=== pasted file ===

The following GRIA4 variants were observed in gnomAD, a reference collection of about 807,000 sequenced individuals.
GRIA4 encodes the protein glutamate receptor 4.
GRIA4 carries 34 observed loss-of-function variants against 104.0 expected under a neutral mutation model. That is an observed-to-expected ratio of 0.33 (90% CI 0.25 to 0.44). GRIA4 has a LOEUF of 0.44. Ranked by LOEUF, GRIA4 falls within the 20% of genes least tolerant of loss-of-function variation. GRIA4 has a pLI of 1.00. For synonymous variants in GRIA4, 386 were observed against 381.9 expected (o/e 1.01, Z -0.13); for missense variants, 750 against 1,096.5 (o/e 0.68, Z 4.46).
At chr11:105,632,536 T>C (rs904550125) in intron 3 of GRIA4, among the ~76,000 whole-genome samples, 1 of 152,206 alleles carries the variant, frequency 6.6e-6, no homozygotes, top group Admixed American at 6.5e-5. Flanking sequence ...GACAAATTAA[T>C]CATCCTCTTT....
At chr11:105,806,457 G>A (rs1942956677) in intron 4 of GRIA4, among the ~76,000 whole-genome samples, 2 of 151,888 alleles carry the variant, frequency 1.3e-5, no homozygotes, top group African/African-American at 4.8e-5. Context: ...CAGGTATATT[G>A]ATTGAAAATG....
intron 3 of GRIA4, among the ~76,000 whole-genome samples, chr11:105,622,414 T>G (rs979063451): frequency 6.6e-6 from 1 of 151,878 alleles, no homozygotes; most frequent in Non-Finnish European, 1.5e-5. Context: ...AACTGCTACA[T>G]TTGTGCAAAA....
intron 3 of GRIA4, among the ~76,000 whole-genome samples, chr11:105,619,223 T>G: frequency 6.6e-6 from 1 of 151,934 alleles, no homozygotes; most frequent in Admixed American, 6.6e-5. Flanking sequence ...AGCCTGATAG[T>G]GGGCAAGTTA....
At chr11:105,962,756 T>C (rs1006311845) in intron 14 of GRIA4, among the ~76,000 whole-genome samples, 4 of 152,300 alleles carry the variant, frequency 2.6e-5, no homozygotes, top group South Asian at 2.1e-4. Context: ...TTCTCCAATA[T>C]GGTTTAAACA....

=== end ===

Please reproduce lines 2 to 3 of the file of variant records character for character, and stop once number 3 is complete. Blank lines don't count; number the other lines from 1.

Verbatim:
GRIA4 encodes the protein glutamate receptor 4.
GRIA4 carries 34 observed loss-of-function variants against 104.0 expected under a neutral mutation model. That is an observed-to-expected ratio of 0.33 (90% CI 0.25 to 0.44). GRIA4 has a LOEUF of 0.44. Ranked by LOEUF, GRIA4 falls within the 20% of genes least tolerant of loss-of-function variation. GRIA4 has a pLI of 1.00. For synonymous variants in GRIA4, 386 were observed against 381.9 expected (o/e 1.01, Z -0.13); for missense variants, 750 against 1,096.5 (o/e 0.68, Z 4.46).